City Walls, York, from Baile Hill
View along outside of City Walls from Baile Hill

In about 1194, the castle was given to the Archbishop of York. This caused a dispute to arise with the people of York arguing that it was outside the City's ditches, whereas the Archbishop argued that it was the Mayor and citizens of York's responsibility to upkeep. This argument raged for over a hundred years until, in 1423 the Archbishop was sued and forced to repair the part of the City Walls known as the Old Baile. In 1466 the Archbishop gave the castle to the Mayor and people of York.

The Old Baile briefly saw military service again in 1644 during the English Civil War, when it was used by Royalist troops as a gun emplacement during the siege of York.

Meanwhile York Castle/Clifford's Tower had been rebuilt in stone and gradually developed and expanded over the years (which is another story.) 

The Old Baile went further into decline, including the mound being lowered in the 1800s to aid grazing in the area, a practise which had continued since the time of the Normans, when the enclosed space, or Bayle, was given over for this purpose, military musters, shrove Tuesday games and archery practise. 

The area was excavated in the 1970s, revealing the remains of the timber buildings and palisade, and then left to its own devices.

Baile Hill, York
On Baile Hill, inside the trees...

So if you're ever in York, and passing, please say hello to the Old Baile and its history. It is a great place to start a walk on the City Walls, and it is also possible to jump down from the wall and climb the mound, there to pause and reflect on the inequities of time, and to close one's eyes and try to sense the past of this sadly neglected part of York's history.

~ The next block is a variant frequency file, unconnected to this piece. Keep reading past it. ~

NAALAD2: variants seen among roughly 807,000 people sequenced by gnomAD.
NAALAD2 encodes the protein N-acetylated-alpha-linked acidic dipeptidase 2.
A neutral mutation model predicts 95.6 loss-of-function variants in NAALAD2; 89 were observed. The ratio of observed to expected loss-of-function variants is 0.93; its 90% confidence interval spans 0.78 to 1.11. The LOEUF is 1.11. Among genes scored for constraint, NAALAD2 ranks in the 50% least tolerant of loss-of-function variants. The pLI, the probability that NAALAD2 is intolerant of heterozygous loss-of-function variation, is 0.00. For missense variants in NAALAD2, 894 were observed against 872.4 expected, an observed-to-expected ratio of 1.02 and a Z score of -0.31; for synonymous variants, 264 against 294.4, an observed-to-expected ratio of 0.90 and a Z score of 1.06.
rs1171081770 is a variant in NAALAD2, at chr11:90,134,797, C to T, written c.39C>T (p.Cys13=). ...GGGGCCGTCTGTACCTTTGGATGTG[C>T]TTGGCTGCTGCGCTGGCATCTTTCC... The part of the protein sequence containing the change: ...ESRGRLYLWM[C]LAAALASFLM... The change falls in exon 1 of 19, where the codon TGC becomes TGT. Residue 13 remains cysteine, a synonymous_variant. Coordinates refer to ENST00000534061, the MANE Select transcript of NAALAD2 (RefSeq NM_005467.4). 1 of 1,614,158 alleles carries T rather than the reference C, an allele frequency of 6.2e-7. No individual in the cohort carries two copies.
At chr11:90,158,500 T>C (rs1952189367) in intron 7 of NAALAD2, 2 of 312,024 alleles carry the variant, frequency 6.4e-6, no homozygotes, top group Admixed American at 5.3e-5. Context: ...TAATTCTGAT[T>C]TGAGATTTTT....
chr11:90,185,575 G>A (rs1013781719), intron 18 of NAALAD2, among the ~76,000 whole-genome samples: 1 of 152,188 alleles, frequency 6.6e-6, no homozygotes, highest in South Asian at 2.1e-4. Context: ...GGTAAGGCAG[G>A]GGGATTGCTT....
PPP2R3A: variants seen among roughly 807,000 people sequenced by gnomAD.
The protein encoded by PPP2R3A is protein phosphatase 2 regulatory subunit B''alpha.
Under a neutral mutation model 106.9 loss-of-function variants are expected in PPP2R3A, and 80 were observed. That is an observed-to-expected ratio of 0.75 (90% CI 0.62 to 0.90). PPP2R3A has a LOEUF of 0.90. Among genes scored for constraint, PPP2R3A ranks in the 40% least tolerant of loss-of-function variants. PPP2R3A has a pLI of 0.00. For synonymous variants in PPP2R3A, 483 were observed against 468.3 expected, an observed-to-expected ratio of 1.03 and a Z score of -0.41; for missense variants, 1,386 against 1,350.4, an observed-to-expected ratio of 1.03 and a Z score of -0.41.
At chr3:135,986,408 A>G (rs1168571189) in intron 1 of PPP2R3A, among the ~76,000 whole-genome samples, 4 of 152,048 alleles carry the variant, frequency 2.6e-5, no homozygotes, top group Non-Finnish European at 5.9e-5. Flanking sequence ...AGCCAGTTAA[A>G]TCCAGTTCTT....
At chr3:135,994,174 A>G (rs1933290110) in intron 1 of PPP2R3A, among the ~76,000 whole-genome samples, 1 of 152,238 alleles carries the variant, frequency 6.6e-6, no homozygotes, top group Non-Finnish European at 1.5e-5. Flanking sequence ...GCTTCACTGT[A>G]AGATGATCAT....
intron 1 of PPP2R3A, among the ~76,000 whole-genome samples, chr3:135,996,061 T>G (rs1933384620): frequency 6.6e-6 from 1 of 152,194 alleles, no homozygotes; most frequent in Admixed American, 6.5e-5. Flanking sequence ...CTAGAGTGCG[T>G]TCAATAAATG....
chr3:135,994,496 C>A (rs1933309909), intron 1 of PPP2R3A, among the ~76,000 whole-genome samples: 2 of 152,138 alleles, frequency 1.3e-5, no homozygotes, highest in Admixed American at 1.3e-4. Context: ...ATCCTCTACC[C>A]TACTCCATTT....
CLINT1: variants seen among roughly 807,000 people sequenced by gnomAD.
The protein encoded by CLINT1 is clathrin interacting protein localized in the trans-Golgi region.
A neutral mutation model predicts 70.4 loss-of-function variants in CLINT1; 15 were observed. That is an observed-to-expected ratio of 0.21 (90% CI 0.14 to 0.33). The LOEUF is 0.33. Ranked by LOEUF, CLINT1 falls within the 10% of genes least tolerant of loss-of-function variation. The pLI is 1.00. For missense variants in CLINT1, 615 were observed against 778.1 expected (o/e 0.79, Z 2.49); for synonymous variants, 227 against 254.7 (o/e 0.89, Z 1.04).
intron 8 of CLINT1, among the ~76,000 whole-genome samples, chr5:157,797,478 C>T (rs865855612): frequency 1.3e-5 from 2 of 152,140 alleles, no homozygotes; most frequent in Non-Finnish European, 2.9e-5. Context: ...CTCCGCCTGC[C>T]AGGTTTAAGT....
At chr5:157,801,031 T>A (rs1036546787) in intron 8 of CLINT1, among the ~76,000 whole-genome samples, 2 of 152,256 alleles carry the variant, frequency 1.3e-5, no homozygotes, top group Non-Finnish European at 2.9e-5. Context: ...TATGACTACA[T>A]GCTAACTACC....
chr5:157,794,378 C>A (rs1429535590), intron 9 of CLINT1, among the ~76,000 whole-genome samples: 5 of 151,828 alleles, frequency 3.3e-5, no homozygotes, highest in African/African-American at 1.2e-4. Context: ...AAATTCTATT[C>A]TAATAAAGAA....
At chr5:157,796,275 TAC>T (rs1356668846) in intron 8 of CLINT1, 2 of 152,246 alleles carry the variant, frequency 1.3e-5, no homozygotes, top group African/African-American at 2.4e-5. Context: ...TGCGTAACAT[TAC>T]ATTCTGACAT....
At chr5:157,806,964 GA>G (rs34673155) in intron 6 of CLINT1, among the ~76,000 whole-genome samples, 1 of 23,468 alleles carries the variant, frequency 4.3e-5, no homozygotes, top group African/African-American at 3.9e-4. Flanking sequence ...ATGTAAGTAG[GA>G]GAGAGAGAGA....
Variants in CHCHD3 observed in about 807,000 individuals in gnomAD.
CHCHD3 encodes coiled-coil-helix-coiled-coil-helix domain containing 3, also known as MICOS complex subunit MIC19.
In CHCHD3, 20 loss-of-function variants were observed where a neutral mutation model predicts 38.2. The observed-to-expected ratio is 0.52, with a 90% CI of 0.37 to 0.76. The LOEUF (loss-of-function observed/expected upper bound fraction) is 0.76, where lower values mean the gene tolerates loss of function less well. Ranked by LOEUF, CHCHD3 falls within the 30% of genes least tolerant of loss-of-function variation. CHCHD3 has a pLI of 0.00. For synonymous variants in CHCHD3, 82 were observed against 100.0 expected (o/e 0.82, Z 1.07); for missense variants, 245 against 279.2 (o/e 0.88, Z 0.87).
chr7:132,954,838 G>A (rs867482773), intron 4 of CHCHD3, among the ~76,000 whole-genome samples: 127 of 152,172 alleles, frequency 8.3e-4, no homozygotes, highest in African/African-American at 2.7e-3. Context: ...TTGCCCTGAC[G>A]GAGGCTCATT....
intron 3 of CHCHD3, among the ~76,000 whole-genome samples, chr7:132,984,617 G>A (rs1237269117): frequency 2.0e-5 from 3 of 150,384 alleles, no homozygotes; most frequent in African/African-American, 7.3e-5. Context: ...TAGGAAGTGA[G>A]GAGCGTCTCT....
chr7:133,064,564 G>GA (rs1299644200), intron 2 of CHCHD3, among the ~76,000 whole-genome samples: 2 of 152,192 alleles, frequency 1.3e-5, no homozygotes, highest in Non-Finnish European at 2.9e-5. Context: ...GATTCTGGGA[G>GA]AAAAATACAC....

If you want to read more on the detail of the history of the Old Baile - see the links below, (particularly The Old Baile - British History Online

Baile Hill, York from below
Baile Hill, York from below

Thanks for reading!


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Sources and References:

City of York Information Board, Baile Hill

Further Information:


  1. What a fascinating piece.... I've often walked the walls... but either missed the interpetive board...or it wasn't there then.

    Living now, where three rivers join, the arrangement is identical. One good one remains in the centre of town where the vantage point covered the whole confluence.
    And the other two are now defunct.... one never got beyond the timber construction snd is a set of platforms.... the other is a ruin.
    Thanks for posting this.

    1. You're very welcome LaPre DelaForge - York is such a fascinating place if you love history. Where you live sounds very interesting too :)

  2. I need to check this out next time I'm there - thank you!

    1. Very welcome Mike. York is so very rich in interesting history, it's always a great place to visit :)